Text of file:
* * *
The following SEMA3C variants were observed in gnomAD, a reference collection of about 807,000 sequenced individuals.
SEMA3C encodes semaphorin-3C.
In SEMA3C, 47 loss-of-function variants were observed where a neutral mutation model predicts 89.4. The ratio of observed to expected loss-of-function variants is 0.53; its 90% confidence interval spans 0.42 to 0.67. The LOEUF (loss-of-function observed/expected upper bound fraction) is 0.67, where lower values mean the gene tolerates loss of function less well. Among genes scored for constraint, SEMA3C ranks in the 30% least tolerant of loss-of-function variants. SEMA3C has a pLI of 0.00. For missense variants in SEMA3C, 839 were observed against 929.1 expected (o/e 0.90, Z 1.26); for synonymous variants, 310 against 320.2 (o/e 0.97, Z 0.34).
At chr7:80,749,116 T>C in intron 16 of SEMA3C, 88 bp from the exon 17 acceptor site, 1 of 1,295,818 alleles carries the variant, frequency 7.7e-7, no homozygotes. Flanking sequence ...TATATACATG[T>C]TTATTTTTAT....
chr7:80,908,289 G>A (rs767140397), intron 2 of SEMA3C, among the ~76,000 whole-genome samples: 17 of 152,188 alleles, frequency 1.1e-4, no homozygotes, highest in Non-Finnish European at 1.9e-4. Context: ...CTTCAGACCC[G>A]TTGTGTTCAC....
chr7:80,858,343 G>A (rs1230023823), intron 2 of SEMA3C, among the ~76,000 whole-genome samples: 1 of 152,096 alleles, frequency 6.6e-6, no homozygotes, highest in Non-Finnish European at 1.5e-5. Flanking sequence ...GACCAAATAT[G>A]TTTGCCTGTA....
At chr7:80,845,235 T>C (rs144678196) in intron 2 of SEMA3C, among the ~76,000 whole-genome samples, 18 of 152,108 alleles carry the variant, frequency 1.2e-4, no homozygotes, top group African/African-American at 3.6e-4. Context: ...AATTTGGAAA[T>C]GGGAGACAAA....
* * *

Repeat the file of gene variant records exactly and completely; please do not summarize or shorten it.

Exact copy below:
The following SEMA3C variants were observed in gnomAD, a reference collection of about 807,000 sequenced individuals.
SEMA3C encodes semaphorin-3C.
In SEMA3C, 47 loss-of-function variants were observed where a neutral mutation model predicts 89.4. The ratio of observed to expected loss-of-function variants is 0.53; its 90% confidence interval spans 0.42 to 0.67. The LOEUF (loss-of-function observed/expected upper bound fraction) is 0.67, where lower values mean the gene tolerates loss of function less well. Among genes scored for constraint, SEMA3C ranks in the 30% least tolerant of loss-of-function variants. SEMA3C has a pLI of 0.00. For missense variants in SEMA3C, 839 were observed against 929.1 expected (o/e 0.90, Z 1.26); for synonymous variants, 310 against 320.2 (o/e 0.97, Z 0.34).
At chr7:80,749,116 T>C in intron 16 of SEMA3C, 88 bp from the exon 17 acceptor site, 1 of 1,295,818 alleles carries the variant, frequency 7.7e-7, no homozygotes. Flanking sequence ...TATATACATG[T>C]TTATTTTTAT....
chr7:80,908,289 G>A (rs767140397), intron 2 of SEMA3C, among the ~76,000 whole-genome samples: 17 of 152,188 alleles, frequency 1.1e-4, no homozygotes, highest in Non-Finnish European at 1.9e-4. Context: ...CTTCAGACCC[G>A]TTGTGTTCAC....
chr7:80,858,343 G>A (rs1230023823), intron 2 of SEMA3C, among the ~76,000 whole-genome samples: 1 of 152,096 alleles, frequency 6.6e-6, no homozygotes, highest in Non-Finnish European at 1.5e-5. Flanking sequence ...GACCAAATAT[G>A]TTTGCCTGTA....
At chr7:80,845,235 T>C (rs144678196) in intron 2 of SEMA3C, among the ~76,000 whole-genome samples, 18 of 152,108 alleles carry the variant, frequency 1.2e-4, no homozygotes, top group African/African-American at 3.6e-4. Context: ...AATTTGGAAA[T>C]GGGAGACAAA....